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  • What about when the wind drops? Halving the wind speed reduces power output by a factor of eight, does it not?

    Wouldn't it be better to put resources into harnessing tidal power, which is reliable?

    What is the truth about subsidies, which, it has been claimed (, have risen to over £1bn per year?

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  • It's great news that our Wind Energy industry looks set to be rejuvinated but the transportation of the blades is one area that has been a overlooked, why don't these companies look at utalising Airships to transport these massively long blades accross land? I'm sure they won't cause a problem as they are light enough to be carried by quite small Blimps and put down within metres of the Turbine location on land.

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  • Yes, we must forge ahead with wind power while developing wave and tidal power technologies, which are not affected by weather (the power of the moon's gravity is pretty reliable).

    We do need to be on our guard about some renewable power schemes though. There are several new proposed bio-fuelled power stations would be fuelled by palm oil from abroad. This is very bad as it will just hasten rainforest destruction and compete with food crops.

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  • Where is the sense in transporting offshore wind turbine components by road? Surely the answer is to fabricate them at the sites of our old shipbuilding industry and then ship them by sea.

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  • The second post mentions that the wind drops which is a problem. I've read that considering the UK as a whole, it is very seldom that the wind is not blowing.

    Regarding subsidies (again mentioned in 2nd post), Lord Stern mentioned in his LSE public lecture of 2009 that the oil industry receives subsidies of £200bn / year. Obviously nuclear is subsidised too. Wind creates no pollution of course, no hidden problems stored for the future.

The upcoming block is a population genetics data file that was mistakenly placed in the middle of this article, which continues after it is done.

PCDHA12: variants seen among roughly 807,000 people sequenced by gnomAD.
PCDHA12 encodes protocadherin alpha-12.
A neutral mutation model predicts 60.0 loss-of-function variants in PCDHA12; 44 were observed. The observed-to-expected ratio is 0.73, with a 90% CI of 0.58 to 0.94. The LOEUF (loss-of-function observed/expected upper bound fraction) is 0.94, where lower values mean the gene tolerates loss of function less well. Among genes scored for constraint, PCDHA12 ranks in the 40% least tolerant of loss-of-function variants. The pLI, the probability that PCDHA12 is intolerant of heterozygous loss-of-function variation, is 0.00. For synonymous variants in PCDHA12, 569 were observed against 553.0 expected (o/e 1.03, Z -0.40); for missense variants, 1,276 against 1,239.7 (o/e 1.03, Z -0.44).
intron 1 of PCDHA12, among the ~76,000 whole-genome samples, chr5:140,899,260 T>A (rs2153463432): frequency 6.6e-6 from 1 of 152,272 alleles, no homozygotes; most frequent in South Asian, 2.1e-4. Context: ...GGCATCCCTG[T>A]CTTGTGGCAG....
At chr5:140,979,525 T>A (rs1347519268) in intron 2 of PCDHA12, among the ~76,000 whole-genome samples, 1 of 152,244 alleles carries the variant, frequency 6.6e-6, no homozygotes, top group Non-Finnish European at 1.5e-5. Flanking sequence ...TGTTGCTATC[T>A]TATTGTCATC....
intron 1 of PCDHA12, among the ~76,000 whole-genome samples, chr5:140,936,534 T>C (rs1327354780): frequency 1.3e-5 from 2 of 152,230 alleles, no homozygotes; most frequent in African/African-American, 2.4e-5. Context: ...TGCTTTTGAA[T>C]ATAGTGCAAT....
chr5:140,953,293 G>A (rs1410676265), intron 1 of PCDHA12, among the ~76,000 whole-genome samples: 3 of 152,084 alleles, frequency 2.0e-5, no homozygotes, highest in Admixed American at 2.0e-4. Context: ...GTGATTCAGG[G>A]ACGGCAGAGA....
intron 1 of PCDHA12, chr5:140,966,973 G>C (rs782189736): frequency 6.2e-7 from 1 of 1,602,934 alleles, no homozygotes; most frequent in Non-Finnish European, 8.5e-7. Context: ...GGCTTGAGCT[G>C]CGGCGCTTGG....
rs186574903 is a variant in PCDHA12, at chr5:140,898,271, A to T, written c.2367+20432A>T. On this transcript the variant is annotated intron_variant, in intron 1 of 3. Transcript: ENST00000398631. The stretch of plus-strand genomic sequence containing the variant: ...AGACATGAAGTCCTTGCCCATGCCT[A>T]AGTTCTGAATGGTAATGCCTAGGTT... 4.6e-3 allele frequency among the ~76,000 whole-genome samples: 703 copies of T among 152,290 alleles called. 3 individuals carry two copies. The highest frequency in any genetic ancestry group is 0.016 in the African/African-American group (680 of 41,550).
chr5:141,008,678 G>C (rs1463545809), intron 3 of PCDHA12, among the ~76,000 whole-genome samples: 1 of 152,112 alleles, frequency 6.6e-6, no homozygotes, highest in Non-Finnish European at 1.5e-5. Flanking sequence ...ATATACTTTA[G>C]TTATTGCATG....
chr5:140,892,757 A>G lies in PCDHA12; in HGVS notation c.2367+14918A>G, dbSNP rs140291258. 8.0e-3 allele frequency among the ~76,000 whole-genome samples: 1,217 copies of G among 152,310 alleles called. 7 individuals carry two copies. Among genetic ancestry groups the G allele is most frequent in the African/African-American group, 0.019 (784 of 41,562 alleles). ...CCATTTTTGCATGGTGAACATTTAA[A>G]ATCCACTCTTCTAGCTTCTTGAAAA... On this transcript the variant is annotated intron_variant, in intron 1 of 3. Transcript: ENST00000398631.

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  • I don't belive it. the ecconomics are just not attractive without subsidies. With installed (onshore!) costs of arround $2000/kw (granted larger turbines would reduce this) and a capacity factors of ~30%, huge grid connection fees and inadequate tranmission systems shows the futility of this. Nuclear is the only current option of course supplemented by all the "clean renewable" fads untill they are proven technically and ecconomically.

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  • There are actually enormous subsidies. Perhaps they are limited up front as you say, but operational subsidies are huge. They are in the form of the Renewables Obligation, feed-in tariffs, carbon trading etc etc. The second set of subsidies is the fact energy companies are compelled to take the energy and in doing so, the standard power stations have to shed load. With fixed costs, this is expensive; we all pay.
    This very costly low grade energy form will reduce carbon emissions but by ruining and reducing the real UK economy.

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  • Makes you wonder what Vestas where thinking when they closed their IOW factory.